Superior Back and Leg Pain Relief with High Frequency Spinal Cord Stimulation

Superior Back and Leg Pain Relief with High Frequency Spinal Cord Stimulation

Results of a clinical trial comparing high frequency spinal cord stimulation and low frequency spinal cord stimulation show that people with intractable back or leg pain benefit most from high frequency stimulation.  The SENZA-RCT multi-center study was published in the September issue of Neurosurgery.

High frequency stimulation (10 – kHz) delivers pulses of electrical stimulation to the spinal cord at a rate of 10 kHz, which is significantly higher than the 50 Hz rate traditional low frequency stimulation devices deliver.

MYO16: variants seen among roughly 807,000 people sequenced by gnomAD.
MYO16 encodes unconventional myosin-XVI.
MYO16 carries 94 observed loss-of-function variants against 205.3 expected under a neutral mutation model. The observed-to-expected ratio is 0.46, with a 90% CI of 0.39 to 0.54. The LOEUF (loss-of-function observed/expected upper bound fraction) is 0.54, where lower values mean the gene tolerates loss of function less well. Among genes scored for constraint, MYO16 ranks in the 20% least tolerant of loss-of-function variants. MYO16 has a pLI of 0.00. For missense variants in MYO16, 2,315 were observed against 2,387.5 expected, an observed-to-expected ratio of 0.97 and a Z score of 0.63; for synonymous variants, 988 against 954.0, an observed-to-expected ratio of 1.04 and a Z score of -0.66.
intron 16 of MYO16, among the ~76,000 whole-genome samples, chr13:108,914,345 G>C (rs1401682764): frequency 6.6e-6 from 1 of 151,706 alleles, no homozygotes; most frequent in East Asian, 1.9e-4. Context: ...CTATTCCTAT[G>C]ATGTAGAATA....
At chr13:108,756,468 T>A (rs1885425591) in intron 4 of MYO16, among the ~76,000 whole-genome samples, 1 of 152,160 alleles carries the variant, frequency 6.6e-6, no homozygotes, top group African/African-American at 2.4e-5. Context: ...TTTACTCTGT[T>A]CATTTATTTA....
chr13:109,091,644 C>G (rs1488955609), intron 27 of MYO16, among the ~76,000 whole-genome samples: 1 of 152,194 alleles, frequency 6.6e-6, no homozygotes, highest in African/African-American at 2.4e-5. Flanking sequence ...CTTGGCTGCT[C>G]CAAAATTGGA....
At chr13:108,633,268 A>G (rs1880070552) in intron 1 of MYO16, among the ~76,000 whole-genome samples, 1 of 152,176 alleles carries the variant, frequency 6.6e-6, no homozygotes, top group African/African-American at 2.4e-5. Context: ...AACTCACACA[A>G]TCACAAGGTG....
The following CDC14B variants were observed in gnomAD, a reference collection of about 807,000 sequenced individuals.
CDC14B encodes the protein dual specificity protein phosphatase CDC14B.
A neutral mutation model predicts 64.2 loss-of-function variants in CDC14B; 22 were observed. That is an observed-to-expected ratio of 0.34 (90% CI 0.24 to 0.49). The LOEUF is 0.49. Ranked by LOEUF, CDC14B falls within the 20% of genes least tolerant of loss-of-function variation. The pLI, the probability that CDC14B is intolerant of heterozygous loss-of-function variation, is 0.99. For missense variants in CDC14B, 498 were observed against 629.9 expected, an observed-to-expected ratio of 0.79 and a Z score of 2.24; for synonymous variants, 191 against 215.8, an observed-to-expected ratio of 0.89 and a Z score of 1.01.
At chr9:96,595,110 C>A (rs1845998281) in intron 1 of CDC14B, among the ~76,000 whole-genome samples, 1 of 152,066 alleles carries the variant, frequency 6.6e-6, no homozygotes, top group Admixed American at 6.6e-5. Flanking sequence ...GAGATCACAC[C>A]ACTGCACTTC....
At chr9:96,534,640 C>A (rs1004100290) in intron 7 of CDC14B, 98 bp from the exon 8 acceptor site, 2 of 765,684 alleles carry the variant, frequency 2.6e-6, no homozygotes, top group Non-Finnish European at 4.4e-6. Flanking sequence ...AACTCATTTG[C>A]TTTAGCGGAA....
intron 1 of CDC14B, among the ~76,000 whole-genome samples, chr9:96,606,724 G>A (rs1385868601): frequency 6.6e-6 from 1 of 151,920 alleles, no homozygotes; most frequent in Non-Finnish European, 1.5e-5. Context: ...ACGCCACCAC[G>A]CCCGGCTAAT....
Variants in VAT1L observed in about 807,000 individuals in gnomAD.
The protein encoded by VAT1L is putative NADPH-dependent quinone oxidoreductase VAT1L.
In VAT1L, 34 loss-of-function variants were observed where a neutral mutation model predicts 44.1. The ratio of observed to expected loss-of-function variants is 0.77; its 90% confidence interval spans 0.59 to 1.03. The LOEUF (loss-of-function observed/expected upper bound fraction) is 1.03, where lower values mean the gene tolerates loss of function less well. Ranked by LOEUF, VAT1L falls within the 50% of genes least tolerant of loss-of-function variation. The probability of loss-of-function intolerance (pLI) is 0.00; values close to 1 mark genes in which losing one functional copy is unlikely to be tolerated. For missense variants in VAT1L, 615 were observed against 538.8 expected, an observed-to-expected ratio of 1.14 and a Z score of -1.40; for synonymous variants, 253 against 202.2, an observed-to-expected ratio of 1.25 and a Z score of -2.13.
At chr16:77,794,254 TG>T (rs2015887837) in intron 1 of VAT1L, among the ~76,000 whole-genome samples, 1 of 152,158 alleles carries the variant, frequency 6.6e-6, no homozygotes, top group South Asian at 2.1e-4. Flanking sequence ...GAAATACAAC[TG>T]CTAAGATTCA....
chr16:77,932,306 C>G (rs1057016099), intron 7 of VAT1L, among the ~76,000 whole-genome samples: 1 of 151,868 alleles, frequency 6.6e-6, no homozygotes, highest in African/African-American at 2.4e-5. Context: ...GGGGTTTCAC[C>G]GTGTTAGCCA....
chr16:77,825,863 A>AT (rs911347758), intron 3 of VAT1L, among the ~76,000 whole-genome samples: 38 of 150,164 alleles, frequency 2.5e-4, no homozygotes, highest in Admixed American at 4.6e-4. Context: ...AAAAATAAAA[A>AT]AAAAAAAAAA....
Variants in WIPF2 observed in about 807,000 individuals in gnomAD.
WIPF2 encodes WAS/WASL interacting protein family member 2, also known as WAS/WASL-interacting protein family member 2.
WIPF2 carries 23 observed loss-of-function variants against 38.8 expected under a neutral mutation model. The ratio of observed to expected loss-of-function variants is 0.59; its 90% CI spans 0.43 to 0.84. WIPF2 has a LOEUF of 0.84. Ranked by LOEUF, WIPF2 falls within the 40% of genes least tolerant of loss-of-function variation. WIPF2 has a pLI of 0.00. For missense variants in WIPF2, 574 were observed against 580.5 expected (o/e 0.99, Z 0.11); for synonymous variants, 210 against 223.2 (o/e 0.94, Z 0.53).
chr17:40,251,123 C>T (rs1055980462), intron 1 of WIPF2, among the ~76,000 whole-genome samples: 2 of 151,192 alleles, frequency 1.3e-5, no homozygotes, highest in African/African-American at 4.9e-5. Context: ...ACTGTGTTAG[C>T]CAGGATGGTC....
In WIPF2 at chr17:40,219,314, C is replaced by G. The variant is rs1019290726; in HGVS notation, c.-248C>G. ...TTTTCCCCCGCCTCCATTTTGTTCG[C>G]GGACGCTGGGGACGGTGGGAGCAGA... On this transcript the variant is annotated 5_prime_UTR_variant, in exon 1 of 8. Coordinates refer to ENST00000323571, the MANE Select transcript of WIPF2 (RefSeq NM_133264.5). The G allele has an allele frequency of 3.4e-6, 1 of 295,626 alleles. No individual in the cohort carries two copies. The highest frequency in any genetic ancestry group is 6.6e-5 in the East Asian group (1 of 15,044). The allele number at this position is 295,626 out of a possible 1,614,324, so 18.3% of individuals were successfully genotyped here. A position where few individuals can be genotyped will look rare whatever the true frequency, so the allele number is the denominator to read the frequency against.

The study enrolled 241 patients across 11 U.S. clinical trial sites (171 patients received SCS implants at 10 sites), making it the largest prospective randomized spinal cord stimulation (SCS) study to assess the treatment of chronic back and leg pain.  The measure of effectiveness was having participants achieve greater than or equal to 50% reduction in back pain compared to their baseline after 3 months, compared to those treated with traditional SCS therapy.

For those in the study with back pain, more than 84% using high frequency SCS therapy achieved the endpoint, while only 43% of people using low frequency SCS therapy did (P <.001 for non-inferiority and superiority).

For those in the study with leg pain, after three months, 83% of those using high frequency SCS therapy had a reduction of pain that was greater than or equal to 50% better than baseline.  For low frequency SCS therapy, only 55% met the endpoint (P <.001 for non-inferiority and superiority).